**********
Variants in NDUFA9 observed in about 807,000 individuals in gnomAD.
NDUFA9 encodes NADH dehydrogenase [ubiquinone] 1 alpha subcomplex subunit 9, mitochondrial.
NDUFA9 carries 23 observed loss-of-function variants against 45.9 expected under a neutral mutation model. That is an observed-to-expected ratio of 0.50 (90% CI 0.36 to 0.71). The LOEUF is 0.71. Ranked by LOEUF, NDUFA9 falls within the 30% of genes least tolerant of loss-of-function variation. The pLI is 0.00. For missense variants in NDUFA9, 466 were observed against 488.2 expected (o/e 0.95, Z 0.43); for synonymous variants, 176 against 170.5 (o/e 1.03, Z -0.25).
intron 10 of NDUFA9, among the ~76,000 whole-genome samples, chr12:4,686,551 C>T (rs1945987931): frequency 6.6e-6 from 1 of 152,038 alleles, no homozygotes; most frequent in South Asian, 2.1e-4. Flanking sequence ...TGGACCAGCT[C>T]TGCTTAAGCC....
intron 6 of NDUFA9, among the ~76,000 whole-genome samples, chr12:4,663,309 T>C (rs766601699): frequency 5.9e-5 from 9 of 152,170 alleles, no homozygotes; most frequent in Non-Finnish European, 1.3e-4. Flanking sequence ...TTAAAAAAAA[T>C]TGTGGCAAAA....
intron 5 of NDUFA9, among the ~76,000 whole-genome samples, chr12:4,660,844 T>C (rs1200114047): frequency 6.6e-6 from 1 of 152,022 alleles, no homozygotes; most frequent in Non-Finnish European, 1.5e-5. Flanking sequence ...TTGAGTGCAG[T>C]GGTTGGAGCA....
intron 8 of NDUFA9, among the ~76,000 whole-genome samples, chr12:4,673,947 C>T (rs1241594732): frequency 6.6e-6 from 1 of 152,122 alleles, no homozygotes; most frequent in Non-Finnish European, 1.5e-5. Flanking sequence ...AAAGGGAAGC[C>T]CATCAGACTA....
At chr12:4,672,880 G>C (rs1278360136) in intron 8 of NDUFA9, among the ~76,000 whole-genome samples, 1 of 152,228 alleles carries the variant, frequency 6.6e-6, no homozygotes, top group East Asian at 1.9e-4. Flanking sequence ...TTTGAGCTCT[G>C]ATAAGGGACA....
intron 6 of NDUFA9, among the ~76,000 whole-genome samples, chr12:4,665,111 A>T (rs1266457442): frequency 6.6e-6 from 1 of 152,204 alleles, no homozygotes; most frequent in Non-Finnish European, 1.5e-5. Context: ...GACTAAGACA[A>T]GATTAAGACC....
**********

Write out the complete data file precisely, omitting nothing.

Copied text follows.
Variants in NDUFA9 observed in about 807,000 individuals in gnomAD.
NDUFA9 encodes NADH dehydrogenase [ubiquinone] 1 alpha subcomplex subunit 9, mitochondrial.
NDUFA9 carries 23 observed loss-of-function variants against 45.9 expected under a neutral mutation model. That is an observed-to-expected ratio of 0.50 (90% CI 0.36 to 0.71). The LOEUF is 0.71. Ranked by LOEUF, NDUFA9 falls within the 30% of genes least tolerant of loss-of-function variation. The pLI is 0.00. For missense variants in NDUFA9, 466 were observed against 488.2 expected (o/e 0.95, Z 0.43); for synonymous variants, 176 against 170.5 (o/e 1.03, Z -0.25).
intron 10 of NDUFA9, among the ~76,000 whole-genome samples, chr12:4,686,551 C>T (rs1945987931): frequency 6.6e-6 from 1 of 152,038 alleles, no homozygotes; most frequent in South Asian, 2.1e-4. Flanking sequence ...TGGACCAGCT[C>T]TGCTTAAGCC....
intron 6 of NDUFA9, among the ~76,000 whole-genome samples, chr12:4,663,309 T>C (rs766601699): frequency 5.9e-5 from 9 of 152,170 alleles, no homozygotes; most frequent in Non-Finnish European, 1.3e-4. Flanking sequence ...TTAAAAAAAA[T>C]TGTGGCAAAA....
intron 5 of NDUFA9, among the ~76,000 whole-genome samples, chr12:4,660,844 T>C (rs1200114047): frequency 6.6e-6 from 1 of 152,022 alleles, no homozygotes; most frequent in Non-Finnish European, 1.5e-5. Flanking sequence ...TTGAGTGCAG[T>C]GGTTGGAGCA....
intron 8 of NDUFA9, among the ~76,000 whole-genome samples, chr12:4,673,947 C>T (rs1241594732): frequency 6.6e-6 from 1 of 152,122 alleles, no homozygotes; most frequent in Non-Finnish European, 1.5e-5. Flanking sequence ...AAAGGGAAGC[C>T]CATCAGACTA....
At chr12:4,672,880 G>C (rs1278360136) in intron 8 of NDUFA9, among the ~76,000 whole-genome samples, 1 of 152,228 alleles carries the variant, frequency 6.6e-6, no homozygotes, top group East Asian at 1.9e-4. Flanking sequence ...TTTGAGCTCT[G>C]ATAAGGGACA....
intron 6 of NDUFA9, among the ~76,000 whole-genome samples, chr12:4,665,111 A>T (rs1266457442): frequency 6.6e-6 from 1 of 152,204 alleles, no homozygotes; most frequent in Non-Finnish European, 1.5e-5. Context: ...GACTAAGACA[A>T]GATTAAGACC....